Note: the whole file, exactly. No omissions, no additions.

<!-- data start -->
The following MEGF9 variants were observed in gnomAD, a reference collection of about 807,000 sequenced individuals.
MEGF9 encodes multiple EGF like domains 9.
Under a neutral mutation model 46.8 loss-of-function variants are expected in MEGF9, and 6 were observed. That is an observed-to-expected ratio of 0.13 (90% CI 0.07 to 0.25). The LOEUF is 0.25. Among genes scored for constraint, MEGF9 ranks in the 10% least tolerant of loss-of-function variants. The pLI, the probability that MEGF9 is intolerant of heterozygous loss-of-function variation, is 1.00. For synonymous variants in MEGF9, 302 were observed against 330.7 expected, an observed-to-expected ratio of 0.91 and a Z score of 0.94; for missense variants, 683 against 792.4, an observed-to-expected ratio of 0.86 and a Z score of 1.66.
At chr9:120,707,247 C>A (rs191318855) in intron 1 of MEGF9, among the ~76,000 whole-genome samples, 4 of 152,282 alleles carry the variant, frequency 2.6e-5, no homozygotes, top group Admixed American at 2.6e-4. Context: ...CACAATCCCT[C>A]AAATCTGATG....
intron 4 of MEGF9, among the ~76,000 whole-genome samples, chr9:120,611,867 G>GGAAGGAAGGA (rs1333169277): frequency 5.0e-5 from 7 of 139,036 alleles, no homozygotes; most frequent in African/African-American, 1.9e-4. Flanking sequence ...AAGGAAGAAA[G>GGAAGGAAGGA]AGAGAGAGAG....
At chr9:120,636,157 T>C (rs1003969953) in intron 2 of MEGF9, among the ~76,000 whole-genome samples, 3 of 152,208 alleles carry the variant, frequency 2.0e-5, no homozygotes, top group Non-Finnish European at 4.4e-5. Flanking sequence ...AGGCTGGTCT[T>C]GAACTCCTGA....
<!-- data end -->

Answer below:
The following MEGF9 variants were observed in gnomAD, a reference collection of about 807,000 sequenced individuals.
MEGF9 encodes multiple EGF like domains 9.
Under a neutral mutation model 46.8 loss-of-function variants are expected in MEGF9, and 6 were observed. That is an observed-to-expected ratio of 0.13 (90% CI 0.07 to 0.25). The LOEUF is 0.25. Among genes scored for constraint, MEGF9 ranks in the 10% least tolerant of loss-of-function variants. The pLI, the probability that MEGF9 is intolerant of heterozygous loss-of-function variation, is 1.00. For synonymous variants in MEGF9, 302 were observed against 330.7 expected, an observed-to-expected ratio of 0.91 and a Z score of 0.94; for missense variants, 683 against 792.4, an observed-to-expected ratio of 0.86 and a Z score of 1.66.
At chr9:120,707,247 C>A (rs191318855) in intron 1 of MEGF9, among the ~76,000 whole-genome samples, 4 of 152,282 alleles carry the variant, frequency 2.6e-5, no homozygotes, top group Admixed American at 2.6e-4. Context: ...CACAATCCCT[C>A]AAATCTGATG....
intron 4 of MEGF9, among the ~76,000 whole-genome samples, chr9:120,611,867 G>GGAAGGAAGGA (rs1333169277): frequency 5.0e-5 from 7 of 139,036 alleles, no homozygotes; most frequent in African/African-American, 1.9e-4. Flanking sequence ...AAGGAAGAAA[G>GGAAGGAAGGA]AGAGAGAGAG....
At chr9:120,636,157 T>C (rs1003969953) in intron 2 of MEGF9, among the ~76,000 whole-genome samples, 3 of 152,208 alleles carry the variant, frequency 2.0e-5, no homozygotes, top group Non-Finnish European at 4.4e-5. Flanking sequence ...AGGCTGGTCT[T>C]GAACTCCTGA....